Attached Images Attached Images
    hiding away in my stash where i'm warm, safe and happy

  6. #6
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    Gorgeous, gorgeous quilt. there is a wool applique BOM at Keepsake Quilting similar to that I've been stalking. Sorry to ask a stupid question, but can that be done by machine. I haven't ordered the kit because I have no interest in hand applique.

  7. #7
    Senior Member mommessy's Avatar
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    I love wool applique too. Have been collecting wool from thrift shop clothes. So much fun! Here are a couple of little ones I've done.
    Attached Images Attached Images


  8. #8
    Power Poster feline fanatic's Avatar
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    It is my understanding the allure of wool applique is it is all raw edge, you don't have to turn under because it doesn't fray because the wool has been felted (washed and dryed so it shrunk up good and tight). At least that is my understanding. You just buttonhole stitch around. But do you have to fuse it? I haven't inspected it closely when seeing it at booths or in shops. It is very appealing though.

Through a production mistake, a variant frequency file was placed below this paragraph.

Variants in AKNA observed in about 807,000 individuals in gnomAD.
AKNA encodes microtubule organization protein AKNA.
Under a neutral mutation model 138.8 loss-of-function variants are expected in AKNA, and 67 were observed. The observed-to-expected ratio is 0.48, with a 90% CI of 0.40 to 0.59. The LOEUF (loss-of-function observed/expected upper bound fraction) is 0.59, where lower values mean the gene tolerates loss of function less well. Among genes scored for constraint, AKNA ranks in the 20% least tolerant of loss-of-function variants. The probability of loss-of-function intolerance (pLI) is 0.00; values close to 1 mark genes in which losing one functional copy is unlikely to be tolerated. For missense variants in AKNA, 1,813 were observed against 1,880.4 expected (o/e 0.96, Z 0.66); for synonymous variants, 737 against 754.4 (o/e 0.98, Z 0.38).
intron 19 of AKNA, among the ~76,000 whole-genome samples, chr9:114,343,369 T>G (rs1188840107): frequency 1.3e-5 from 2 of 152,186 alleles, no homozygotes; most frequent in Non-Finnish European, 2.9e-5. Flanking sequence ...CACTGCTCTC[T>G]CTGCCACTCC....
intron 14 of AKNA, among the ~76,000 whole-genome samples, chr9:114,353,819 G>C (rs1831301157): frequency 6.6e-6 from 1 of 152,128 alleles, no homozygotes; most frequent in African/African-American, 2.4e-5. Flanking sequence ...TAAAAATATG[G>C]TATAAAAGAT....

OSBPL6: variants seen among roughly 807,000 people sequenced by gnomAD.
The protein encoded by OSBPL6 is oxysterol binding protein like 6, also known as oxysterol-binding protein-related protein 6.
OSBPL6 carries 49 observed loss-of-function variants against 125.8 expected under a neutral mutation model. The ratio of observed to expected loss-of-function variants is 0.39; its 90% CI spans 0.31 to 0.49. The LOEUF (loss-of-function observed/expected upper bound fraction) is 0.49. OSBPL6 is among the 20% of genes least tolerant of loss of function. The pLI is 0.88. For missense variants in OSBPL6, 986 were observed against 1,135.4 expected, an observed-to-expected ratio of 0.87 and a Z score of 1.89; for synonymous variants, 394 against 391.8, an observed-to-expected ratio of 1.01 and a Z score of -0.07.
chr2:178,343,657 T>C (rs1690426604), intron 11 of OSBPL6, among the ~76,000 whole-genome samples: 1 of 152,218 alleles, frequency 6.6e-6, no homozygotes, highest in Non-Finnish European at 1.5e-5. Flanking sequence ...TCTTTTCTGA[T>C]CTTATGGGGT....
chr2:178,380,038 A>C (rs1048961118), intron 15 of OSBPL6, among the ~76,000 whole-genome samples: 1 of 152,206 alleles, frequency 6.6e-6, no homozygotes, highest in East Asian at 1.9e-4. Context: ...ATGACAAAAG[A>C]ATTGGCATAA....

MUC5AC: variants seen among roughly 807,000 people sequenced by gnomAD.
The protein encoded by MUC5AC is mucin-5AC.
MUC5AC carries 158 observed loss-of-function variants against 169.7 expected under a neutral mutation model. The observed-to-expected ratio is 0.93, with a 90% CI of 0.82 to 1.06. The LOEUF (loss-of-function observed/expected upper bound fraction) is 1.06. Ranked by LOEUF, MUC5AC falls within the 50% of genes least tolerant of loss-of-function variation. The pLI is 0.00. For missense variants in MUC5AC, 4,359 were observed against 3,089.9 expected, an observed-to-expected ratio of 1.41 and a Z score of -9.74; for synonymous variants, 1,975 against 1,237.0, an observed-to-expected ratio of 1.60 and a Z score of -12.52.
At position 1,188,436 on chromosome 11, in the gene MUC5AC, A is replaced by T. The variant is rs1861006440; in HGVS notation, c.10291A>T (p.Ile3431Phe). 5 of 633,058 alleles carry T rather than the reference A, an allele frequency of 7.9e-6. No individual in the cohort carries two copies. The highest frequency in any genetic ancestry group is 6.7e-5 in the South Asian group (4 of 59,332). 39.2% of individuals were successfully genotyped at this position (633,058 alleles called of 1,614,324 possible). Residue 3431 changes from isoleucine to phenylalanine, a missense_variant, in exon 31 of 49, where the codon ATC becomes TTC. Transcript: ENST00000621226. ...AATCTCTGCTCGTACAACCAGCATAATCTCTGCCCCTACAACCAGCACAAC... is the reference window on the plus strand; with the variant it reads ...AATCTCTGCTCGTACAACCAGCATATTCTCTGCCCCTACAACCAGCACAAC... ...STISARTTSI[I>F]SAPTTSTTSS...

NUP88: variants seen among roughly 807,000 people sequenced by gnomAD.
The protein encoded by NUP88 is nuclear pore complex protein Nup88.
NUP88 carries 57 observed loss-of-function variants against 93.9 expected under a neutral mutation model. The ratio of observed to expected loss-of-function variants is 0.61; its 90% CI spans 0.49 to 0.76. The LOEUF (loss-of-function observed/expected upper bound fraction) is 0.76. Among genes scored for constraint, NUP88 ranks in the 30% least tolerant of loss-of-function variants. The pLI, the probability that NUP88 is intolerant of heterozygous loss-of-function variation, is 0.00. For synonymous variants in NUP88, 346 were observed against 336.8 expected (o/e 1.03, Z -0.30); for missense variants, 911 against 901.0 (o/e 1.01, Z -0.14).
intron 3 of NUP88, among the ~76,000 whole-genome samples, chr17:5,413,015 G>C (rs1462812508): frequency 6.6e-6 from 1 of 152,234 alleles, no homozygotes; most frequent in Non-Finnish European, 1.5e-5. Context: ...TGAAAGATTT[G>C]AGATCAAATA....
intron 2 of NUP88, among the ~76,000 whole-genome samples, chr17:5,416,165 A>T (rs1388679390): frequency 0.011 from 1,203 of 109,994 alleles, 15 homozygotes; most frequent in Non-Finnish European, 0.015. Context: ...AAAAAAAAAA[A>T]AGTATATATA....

I want to master needleturn first though.

  9. #9
    Senior Member
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    I've never done wool appliqué, but the saw this booth at a quilt show and had to pick up a pattern:

    www.frommyhearttoyourhands.com

    The quilts she had on display were beyond gorgeous! Hope to get to it soon. Good tips about buying wool from thrift stores.

  10. #10
    Senior Member cizzors's Avatar
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    I bought myself a birthday gift of a small wool wall hanging in January an am ready to get started on it. I plan on hand applique. It is a Primitive Gatherings. The directions suggest a #24 chenille needle. Good suggestion? Also, when I wash it the first time, do I wash on gentle or more of just a soak and throw in dryer? This one makes me nervous. It's about 24" sq and I paid $75.00. Don't want to mess it up! Any other tips?
    Never outsmart your common sense.

    Karen

  11. #11
    Super Member pollyjvan9's Avatar
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    I love using wool also. One of the first quilts I made was from black/grey wool from coats at the thrift stores. I washed and felted it, cut it into different size squares and rectangles, hand embroidered a few primitive, large stitches flowers on each piece. Sewed them all together, backed with flannel and gave it to my son and his wife. They said it was so heavy they would be able to stay warm at the North Pole, but they loved it. I still buy all my wool at thrift stores. When I find a piece of really beautiful wool I am elated.